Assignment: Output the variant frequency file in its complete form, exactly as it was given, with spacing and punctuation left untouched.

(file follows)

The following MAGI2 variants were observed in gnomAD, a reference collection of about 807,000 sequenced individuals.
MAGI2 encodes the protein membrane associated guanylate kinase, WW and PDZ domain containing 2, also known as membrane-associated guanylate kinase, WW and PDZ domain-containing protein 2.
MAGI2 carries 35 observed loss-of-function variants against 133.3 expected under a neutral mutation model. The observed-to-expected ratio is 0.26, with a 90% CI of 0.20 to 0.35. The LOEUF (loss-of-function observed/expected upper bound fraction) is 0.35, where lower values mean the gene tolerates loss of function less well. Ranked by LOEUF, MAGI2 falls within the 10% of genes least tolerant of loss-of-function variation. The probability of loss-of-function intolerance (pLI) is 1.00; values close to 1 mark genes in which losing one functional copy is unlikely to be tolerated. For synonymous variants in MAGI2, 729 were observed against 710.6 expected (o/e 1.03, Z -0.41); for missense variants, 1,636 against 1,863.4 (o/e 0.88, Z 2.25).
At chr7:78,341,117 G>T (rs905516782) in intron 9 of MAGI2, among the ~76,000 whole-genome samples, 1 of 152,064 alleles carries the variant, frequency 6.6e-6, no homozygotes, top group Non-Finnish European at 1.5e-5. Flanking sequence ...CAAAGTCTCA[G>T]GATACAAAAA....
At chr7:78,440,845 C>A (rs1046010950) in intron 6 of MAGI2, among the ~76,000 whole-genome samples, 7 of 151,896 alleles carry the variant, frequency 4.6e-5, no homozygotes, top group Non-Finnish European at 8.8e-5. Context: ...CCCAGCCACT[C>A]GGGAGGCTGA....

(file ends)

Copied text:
The following MAGI2 variants were observed in gnomAD, a reference collection of about 807,000 sequenced individuals.
MAGI2 encodes the protein membrane associated guanylate kinase, WW and PDZ domain containing 2, also known as membrane-associated guanylate kinase, WW and PDZ domain-containing protein 2.
MAGI2 carries 35 observed loss-of-function variants against 133.3 expected under a neutral mutation model. The observed-to-expected ratio is 0.26, with a 90% CI of 0.20 to 0.35. The LOEUF (loss-of-function observed/expected upper bound fraction) is 0.35, where lower values mean the gene tolerates loss of function less well. Ranked by LOEUF, MAGI2 falls within the 10% of genes least tolerant of loss-of-function variation. The probability of loss-of-function intolerance (pLI) is 1.00; values close to 1 mark genes in which losing one functional copy is unlikely to be tolerated. For synonymous variants in MAGI2, 729 were observed against 710.6 expected (o/e 1.03, Z -0.41); for missense variants, 1,636 against 1,863.4 (o/e 0.88, Z 2.25).
At chr7:78,341,117 G>T (rs905516782) in intron 9 of MAGI2, among the ~76,000 whole-genome samples, 1 of 152,064 alleles carries the variant, frequency 6.6e-6, no homozygotes, top group Non-Finnish European at 1.5e-5. Flanking sequence ...CAAAGTCTCA[G>T]GATACAAAAA....
At chr7:78,440,845 C>A (rs1046010950) in intron 6 of MAGI2, among the ~76,000 whole-genome samples, 7 of 151,896 alleles carry the variant, frequency 4.6e-5, no homozygotes, top group Non-Finnish European at 8.8e-5. Context: ...CCCAGCCACT[C>A]GGGAGGCTGA....